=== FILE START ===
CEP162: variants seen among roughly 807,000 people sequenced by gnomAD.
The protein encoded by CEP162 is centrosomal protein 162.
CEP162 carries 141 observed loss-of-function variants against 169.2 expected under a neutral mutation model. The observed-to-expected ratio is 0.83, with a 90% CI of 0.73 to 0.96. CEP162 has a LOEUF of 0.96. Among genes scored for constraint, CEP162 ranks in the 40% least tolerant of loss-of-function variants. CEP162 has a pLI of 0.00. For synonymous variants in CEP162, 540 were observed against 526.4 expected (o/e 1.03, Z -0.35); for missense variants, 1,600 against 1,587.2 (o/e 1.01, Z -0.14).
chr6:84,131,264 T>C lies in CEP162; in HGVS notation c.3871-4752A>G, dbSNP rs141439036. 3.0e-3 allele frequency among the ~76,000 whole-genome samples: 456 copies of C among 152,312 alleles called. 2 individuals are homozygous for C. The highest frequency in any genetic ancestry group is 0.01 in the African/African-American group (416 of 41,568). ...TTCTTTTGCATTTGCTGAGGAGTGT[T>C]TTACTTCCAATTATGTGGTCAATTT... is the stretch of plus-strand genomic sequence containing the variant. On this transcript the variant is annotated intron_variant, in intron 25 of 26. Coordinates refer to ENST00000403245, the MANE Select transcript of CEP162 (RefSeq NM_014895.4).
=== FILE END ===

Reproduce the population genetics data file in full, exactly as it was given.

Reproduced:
CEP162: variants seen among roughly 807,000 people sequenced by gnomAD.
The protein encoded by CEP162 is centrosomal protein 162.
CEP162 carries 141 observed loss-of-function variants against 169.2 expected under a neutral mutation model. The observed-to-expected ratio is 0.83, with a 90% CI of 0.73 to 0.96. CEP162 has a LOEUF of 0.96. Among genes scored for constraint, CEP162 ranks in the 40% least tolerant of loss-of-function variants. CEP162 has a pLI of 0.00. For synonymous variants in CEP162, 540 were observed against 526.4 expected (o/e 1.03, Z -0.35); for missense variants, 1,600 against 1,587.2 (o/e 1.01, Z -0.14).
chr6:84,131,264 T>C lies in CEP162; in HGVS notation c.3871-4752A>G, dbSNP rs141439036. 3.0e-3 allele frequency among the ~76,000 whole-genome samples: 456 copies of C among 152,312 alleles called. 2 individuals are homozygous for C. The highest frequency in any genetic ancestry group is 0.01 in the African/African-American group (416 of 41,568). ...TTCTTTTGCATTTGCTGAGGAGTGT[T>C]TTACTTCCAATTATGTGGTCAATTT... is the stretch of plus-strand genomic sequence containing the variant. On this transcript the variant is annotated intron_variant, in intron 25 of 26. Coordinates refer to ENST00000403245, the MANE Select transcript of CEP162 (RefSeq NM_014895.4).